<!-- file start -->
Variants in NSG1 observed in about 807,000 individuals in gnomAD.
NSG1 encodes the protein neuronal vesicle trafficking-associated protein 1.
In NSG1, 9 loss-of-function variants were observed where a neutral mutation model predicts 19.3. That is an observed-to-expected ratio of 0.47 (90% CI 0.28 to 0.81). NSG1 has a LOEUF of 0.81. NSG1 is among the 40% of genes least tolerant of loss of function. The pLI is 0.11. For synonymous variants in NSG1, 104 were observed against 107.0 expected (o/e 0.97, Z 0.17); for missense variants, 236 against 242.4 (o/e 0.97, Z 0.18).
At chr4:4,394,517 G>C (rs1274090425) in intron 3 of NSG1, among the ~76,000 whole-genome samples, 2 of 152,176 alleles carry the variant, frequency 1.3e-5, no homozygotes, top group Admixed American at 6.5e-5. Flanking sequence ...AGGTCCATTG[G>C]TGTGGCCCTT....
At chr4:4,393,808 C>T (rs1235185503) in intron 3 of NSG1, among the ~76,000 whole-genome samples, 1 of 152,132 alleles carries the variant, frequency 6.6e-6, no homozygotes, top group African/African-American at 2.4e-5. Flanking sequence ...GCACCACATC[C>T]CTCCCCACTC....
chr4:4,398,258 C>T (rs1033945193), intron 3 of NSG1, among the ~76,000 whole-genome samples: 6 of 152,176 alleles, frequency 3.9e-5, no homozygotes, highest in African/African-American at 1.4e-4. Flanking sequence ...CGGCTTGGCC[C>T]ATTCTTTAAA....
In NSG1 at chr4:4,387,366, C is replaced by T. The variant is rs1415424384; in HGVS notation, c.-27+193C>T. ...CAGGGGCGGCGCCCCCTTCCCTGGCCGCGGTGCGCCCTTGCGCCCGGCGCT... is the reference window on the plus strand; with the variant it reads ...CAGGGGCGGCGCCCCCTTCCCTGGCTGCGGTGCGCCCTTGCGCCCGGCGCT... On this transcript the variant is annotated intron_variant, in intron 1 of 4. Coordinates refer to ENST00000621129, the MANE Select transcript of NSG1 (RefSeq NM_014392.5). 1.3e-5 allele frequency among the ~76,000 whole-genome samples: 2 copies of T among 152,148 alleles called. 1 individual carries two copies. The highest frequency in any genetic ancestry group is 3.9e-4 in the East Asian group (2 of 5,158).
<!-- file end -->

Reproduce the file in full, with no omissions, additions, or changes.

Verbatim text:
Variants in NSG1 observed in about 807,000 individuals in gnomAD.
NSG1 encodes the protein neuronal vesicle trafficking-associated protein 1.
In NSG1, 9 loss-of-function variants were observed where a neutral mutation model predicts 19.3. That is an observed-to-expected ratio of 0.47 (90% CI 0.28 to 0.81). NSG1 has a LOEUF of 0.81. NSG1 is among the 40% of genes least tolerant of loss of function. The pLI is 0.11. For synonymous variants in NSG1, 104 were observed against 107.0 expected (o/e 0.97, Z 0.17); for missense variants, 236 against 242.4 (o/e 0.97, Z 0.18).
At chr4:4,394,517 G>C (rs1274090425) in intron 3 of NSG1, among the ~76,000 whole-genome samples, 2 of 152,176 alleles carry the variant, frequency 1.3e-5, no homozygotes, top group Admixed American at 6.5e-5. Flanking sequence ...AGGTCCATTG[G>C]TGTGGCCCTT....
At chr4:4,393,808 C>T (rs1235185503) in intron 3 of NSG1, among the ~76,000 whole-genome samples, 1 of 152,132 alleles carries the variant, frequency 6.6e-6, no homozygotes, top group African/African-American at 2.4e-5. Flanking sequence ...GCACCACATC[C>T]CTCCCCACTC....
chr4:4,398,258 C>T (rs1033945193), intron 3 of NSG1, among the ~76,000 whole-genome samples: 6 of 152,176 alleles, frequency 3.9e-5, no homozygotes, highest in African/African-American at 1.4e-4. Flanking sequence ...CGGCTTGGCC[C>T]ATTCTTTAAA....
In NSG1 at chr4:4,387,366, C is replaced by T. The variant is rs1415424384; in HGVS notation, c.-27+193C>T. ...CAGGGGCGGCGCCCCCTTCCCTGGCCGCGGTGCGCCCTTGCGCCCGGCGCT... is the reference window on the plus strand; with the variant it reads ...CAGGGGCGGCGCCCCCTTCCCTGGCTGCGGTGCGCCCTTGCGCCCGGCGCT... On this transcript the variant is annotated intron_variant, in intron 1 of 4. Coordinates refer to ENST00000621129, the MANE Select transcript of NSG1 (RefSeq NM_014392.5). 1.3e-5 allele frequency among the ~76,000 whole-genome samples: 2 copies of T among 152,148 alleles called. 1 individual carries two copies. The highest frequency in any genetic ancestry group is 3.9e-4 in the East Asian group (2 of 5,158).